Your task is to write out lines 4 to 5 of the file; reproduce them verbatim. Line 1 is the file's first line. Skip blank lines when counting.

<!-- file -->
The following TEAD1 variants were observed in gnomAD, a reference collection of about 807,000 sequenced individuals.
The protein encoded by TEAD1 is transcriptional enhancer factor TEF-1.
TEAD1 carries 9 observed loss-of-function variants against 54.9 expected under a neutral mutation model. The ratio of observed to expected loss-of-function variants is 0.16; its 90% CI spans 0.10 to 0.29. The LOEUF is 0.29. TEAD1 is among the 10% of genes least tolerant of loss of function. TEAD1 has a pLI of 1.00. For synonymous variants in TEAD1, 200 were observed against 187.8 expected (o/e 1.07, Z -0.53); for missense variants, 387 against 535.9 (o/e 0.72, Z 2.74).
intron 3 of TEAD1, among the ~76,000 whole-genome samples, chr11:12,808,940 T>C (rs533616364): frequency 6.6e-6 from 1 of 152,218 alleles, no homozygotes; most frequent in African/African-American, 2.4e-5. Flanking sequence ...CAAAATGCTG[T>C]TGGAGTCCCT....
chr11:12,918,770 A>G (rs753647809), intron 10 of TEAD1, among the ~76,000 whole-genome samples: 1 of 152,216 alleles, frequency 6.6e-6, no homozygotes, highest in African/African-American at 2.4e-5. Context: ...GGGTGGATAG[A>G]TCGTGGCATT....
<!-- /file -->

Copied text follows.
intron 3 of TEAD1, among the ~76,000 whole-genome samples, chr11:12,808,940 T>C (rs533616364): frequency 6.6e-6 from 1 of 152,218 alleles, no homozygotes; most frequent in African/African-American, 2.4e-5. Flanking sequence ...CAAAATGCTG[T>C]TGGAGTCCCT....
chr11:12,918,770 A>G (rs753647809), intron 10 of TEAD1, among the ~76,000 whole-genome samples: 1 of 152,216 alleles, frequency 6.6e-6, no homozygotes, highest in African/African-American at 2.4e-5. Context: ...GGGTGGATAG[A>G]TCGTGGCATT....